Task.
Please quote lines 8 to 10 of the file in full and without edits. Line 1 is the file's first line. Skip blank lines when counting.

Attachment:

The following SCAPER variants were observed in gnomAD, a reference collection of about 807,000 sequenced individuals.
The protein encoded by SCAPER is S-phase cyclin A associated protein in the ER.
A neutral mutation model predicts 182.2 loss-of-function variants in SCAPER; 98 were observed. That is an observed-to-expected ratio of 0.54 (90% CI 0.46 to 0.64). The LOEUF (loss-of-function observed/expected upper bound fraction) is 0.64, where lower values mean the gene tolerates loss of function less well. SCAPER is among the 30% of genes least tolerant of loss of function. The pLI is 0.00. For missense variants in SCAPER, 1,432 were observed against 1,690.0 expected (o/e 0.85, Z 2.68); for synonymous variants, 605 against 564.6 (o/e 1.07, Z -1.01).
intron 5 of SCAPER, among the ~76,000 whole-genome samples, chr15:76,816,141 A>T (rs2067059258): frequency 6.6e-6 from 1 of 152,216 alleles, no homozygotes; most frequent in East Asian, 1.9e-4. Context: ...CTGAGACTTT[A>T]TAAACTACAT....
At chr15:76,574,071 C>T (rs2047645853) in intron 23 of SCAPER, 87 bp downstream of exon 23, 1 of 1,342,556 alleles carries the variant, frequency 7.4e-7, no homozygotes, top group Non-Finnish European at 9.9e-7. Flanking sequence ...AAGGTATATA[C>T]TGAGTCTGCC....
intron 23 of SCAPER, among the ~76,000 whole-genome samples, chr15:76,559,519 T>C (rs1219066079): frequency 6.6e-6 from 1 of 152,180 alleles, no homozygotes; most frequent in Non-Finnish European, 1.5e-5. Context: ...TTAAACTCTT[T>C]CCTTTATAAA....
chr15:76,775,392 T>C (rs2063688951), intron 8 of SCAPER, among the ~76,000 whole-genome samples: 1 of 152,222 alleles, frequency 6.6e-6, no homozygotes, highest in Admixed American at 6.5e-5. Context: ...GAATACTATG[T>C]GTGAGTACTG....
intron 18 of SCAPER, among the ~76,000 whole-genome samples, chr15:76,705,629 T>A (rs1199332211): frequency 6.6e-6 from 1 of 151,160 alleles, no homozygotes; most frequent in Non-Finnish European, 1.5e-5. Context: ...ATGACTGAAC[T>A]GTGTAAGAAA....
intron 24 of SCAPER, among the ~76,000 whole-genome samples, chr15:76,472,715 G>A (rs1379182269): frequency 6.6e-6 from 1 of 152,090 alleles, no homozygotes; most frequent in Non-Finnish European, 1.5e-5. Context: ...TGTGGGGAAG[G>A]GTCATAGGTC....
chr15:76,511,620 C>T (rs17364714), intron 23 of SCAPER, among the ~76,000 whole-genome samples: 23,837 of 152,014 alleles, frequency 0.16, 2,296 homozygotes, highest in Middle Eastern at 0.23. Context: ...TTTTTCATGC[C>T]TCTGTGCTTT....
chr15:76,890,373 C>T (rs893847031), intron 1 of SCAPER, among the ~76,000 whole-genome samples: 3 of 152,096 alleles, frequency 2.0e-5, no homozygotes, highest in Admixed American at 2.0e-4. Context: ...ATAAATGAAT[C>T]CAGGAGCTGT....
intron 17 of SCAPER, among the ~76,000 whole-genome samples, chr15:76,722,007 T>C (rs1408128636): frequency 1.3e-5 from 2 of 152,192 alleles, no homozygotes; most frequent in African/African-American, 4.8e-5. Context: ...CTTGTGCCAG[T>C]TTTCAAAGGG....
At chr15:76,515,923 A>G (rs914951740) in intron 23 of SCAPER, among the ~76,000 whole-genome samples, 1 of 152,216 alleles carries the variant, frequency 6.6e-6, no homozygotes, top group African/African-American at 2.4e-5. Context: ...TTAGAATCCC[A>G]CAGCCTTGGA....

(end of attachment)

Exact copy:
intron 18 of SCAPER, among the ~76,000 whole-genome samples, chr15:76,705,629 T>A (rs1199332211): frequency 6.6e-6 from 1 of 151,160 alleles, no homozygotes; most frequent in Non-Finnish European, 1.5e-5. Context: ...ATGACTGAAC[T>A]GTGTAAGAAA....
intron 24 of SCAPER, among the ~76,000 whole-genome samples, chr15:76,472,715 G>A (rs1379182269): frequency 6.6e-6 from 1 of 152,090 alleles, no homozygotes; most frequent in Non-Finnish European, 1.5e-5. Context: ...TGTGGGGAAG[G>A]GTCATAGGTC....
chr15:76,511,620 C>T (rs17364714), intron 23 of SCAPER, among the ~76,000 whole-genome samples: 23,837 of 152,014 alleles, frequency 0.16, 2,296 homozygotes, highest in Middle Eastern at 0.23. Context: ...TTTTTCATGC[C>T]TCTGTGCTTT....